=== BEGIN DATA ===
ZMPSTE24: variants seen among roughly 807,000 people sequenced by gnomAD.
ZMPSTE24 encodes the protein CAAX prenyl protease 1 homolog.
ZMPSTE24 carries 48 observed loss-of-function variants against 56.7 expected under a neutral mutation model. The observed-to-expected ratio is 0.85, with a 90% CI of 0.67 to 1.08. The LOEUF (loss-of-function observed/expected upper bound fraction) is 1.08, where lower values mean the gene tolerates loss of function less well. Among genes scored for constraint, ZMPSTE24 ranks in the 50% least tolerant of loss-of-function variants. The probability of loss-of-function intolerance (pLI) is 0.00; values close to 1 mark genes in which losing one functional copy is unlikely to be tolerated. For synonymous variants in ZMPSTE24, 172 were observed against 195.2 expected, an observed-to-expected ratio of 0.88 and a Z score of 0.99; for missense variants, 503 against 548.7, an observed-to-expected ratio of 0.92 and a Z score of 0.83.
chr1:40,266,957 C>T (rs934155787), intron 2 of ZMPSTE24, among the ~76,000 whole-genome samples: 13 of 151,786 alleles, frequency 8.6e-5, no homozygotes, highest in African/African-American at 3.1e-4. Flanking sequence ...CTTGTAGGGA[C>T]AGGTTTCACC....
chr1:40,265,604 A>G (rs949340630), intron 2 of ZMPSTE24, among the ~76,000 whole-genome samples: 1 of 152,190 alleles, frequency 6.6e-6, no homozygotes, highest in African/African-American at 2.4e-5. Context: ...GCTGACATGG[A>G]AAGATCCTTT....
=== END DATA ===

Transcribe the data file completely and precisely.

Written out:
ZMPSTE24: variants seen among roughly 807,000 people sequenced by gnomAD.
ZMPSTE24 encodes the protein CAAX prenyl protease 1 homolog.
ZMPSTE24 carries 48 observed loss-of-function variants against 56.7 expected under a neutral mutation model. The observed-to-expected ratio is 0.85, with a 90% CI of 0.67 to 1.08. The LOEUF (loss-of-function observed/expected upper bound fraction) is 1.08, where lower values mean the gene tolerates loss of function less well. Among genes scored for constraint, ZMPSTE24 ranks in the 50% least tolerant of loss-of-function variants. The probability of loss-of-function intolerance (pLI) is 0.00; values close to 1 mark genes in which losing one functional copy is unlikely to be tolerated. For synonymous variants in ZMPSTE24, 172 were observed against 195.2 expected, an observed-to-expected ratio of 0.88 and a Z score of 0.99; for missense variants, 503 against 548.7, an observed-to-expected ratio of 0.92 and a Z score of 0.83.
chr1:40,266,957 C>T (rs934155787), intron 2 of ZMPSTE24, among the ~76,000 whole-genome samples: 13 of 151,786 alleles, frequency 8.6e-5, no homozygotes, highest in African/African-American at 3.1e-4. Flanking sequence ...CTTGTAGGGA[C>T]AGGTTTCACC....
chr1:40,265,604 A>G (rs949340630), intron 2 of ZMPSTE24, among the ~76,000 whole-genome samples: 1 of 152,190 alleles, frequency 6.6e-6, no homozygotes, highest in African/African-American at 2.4e-5. Context: ...GCTGACATGG[A>G]AAGATCCTTT....